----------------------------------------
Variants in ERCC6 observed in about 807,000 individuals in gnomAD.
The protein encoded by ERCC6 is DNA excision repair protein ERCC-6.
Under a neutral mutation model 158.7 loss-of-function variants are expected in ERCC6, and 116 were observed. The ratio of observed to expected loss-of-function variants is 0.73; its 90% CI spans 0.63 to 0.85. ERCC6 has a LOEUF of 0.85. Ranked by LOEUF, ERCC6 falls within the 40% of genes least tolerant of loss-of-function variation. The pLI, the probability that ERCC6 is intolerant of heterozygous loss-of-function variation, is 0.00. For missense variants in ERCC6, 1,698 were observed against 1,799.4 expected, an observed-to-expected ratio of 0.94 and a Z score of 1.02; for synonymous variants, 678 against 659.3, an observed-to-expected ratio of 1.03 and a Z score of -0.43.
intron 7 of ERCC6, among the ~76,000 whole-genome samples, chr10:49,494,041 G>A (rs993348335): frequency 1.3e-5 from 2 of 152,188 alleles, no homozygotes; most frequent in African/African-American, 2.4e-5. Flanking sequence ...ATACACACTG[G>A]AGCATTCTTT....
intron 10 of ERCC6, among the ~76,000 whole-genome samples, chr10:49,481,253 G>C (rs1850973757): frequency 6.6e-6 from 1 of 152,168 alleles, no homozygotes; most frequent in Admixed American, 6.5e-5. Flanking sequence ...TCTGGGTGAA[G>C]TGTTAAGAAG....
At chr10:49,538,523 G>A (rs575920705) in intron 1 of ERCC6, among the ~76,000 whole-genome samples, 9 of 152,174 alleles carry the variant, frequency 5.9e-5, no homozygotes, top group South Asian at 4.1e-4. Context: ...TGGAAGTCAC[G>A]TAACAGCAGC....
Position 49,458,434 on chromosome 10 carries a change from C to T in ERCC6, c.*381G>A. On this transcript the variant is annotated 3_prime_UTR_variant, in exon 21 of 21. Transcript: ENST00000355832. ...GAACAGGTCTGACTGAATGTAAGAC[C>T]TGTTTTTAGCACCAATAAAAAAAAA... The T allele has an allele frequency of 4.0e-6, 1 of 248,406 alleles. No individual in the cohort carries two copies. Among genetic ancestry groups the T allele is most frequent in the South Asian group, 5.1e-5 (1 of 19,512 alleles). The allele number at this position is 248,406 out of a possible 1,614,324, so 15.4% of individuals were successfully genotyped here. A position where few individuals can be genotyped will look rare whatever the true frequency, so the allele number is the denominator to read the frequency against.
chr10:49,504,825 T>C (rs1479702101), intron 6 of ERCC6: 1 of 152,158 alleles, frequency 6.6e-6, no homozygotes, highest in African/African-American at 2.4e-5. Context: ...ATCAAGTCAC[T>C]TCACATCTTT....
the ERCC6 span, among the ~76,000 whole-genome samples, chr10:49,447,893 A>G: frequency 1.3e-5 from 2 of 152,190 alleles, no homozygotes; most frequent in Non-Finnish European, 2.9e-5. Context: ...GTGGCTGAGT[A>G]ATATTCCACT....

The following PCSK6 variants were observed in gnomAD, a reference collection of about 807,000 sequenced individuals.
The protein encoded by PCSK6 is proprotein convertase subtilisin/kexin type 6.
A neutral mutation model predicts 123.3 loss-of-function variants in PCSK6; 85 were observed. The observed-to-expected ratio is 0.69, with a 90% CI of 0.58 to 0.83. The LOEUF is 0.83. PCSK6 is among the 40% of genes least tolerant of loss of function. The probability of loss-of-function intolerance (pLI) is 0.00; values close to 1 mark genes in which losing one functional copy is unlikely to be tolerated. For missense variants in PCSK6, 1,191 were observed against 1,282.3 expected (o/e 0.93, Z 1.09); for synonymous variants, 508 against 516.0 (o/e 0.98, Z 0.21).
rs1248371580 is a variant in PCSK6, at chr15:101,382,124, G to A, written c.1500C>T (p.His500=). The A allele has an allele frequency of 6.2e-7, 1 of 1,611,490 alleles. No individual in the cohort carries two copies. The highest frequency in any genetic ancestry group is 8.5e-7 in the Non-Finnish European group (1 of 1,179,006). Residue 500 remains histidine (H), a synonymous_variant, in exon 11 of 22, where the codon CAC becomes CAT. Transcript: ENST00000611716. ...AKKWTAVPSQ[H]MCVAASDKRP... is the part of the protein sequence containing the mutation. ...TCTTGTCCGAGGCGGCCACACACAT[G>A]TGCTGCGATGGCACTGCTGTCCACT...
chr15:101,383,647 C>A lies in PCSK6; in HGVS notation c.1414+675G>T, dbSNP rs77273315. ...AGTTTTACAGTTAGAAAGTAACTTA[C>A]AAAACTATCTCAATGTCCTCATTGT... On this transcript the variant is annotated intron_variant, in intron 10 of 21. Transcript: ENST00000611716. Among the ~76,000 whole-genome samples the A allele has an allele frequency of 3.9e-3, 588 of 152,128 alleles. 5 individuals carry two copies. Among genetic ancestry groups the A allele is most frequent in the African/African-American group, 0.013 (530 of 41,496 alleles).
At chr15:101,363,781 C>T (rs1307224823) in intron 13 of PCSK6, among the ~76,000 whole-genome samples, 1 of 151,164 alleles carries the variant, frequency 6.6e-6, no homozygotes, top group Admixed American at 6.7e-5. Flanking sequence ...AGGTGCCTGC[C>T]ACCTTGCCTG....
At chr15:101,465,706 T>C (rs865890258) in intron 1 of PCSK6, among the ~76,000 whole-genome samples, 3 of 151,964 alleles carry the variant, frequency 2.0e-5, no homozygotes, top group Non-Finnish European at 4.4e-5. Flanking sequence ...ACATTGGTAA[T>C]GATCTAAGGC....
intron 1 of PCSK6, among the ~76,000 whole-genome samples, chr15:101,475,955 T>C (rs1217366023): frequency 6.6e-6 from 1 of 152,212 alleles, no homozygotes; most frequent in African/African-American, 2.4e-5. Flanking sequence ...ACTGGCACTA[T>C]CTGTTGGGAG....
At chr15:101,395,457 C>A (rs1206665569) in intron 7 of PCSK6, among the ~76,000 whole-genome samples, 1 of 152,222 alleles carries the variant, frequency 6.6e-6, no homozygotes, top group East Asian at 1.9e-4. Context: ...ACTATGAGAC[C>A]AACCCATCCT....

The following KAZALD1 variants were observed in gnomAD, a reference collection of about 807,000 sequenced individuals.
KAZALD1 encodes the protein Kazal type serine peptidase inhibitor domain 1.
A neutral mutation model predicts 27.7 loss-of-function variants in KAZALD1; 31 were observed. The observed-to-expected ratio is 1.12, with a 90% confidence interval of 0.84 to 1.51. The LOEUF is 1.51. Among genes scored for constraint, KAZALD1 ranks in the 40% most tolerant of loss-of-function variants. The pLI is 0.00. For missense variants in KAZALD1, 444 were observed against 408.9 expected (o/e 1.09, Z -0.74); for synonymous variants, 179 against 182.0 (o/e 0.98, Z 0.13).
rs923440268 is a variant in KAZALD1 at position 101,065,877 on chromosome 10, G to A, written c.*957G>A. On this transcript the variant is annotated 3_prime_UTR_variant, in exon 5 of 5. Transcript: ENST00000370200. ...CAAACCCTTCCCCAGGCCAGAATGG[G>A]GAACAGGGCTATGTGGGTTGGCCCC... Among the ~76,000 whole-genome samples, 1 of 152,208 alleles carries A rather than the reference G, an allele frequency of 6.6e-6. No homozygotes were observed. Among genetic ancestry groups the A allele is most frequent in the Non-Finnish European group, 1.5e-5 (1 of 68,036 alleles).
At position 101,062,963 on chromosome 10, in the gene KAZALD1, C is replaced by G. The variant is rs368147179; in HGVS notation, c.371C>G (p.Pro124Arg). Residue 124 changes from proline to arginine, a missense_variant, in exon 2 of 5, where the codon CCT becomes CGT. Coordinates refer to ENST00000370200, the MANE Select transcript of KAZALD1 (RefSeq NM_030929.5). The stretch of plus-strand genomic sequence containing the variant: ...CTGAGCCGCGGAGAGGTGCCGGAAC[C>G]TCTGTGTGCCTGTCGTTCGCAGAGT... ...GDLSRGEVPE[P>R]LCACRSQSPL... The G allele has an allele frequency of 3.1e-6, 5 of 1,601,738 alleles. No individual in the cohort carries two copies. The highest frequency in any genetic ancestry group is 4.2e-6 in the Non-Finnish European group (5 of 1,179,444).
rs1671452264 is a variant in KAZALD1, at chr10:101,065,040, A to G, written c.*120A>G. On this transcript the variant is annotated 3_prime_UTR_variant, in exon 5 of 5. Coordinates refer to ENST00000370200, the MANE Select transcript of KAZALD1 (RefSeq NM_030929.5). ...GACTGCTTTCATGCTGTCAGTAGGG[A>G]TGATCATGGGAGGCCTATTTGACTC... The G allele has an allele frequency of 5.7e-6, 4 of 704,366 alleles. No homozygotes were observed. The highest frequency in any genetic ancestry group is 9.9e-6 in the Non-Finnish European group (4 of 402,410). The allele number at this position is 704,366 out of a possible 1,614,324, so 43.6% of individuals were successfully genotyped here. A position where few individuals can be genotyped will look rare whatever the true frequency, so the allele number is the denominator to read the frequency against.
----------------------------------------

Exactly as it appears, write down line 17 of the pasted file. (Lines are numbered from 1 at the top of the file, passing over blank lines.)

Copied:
intron 1 of PCSK6, among the ~76,000 whole-genome samples, chr15:101,475,955 T>C (rs1217366023): frequency 6.6e-6 from 1 of 152,212 alleles, no homozygotes; most frequent in African/African-American, 2.4e-5. Flanking sequence ...ACTGGCACTA[T>C]CTGTTGGGAG....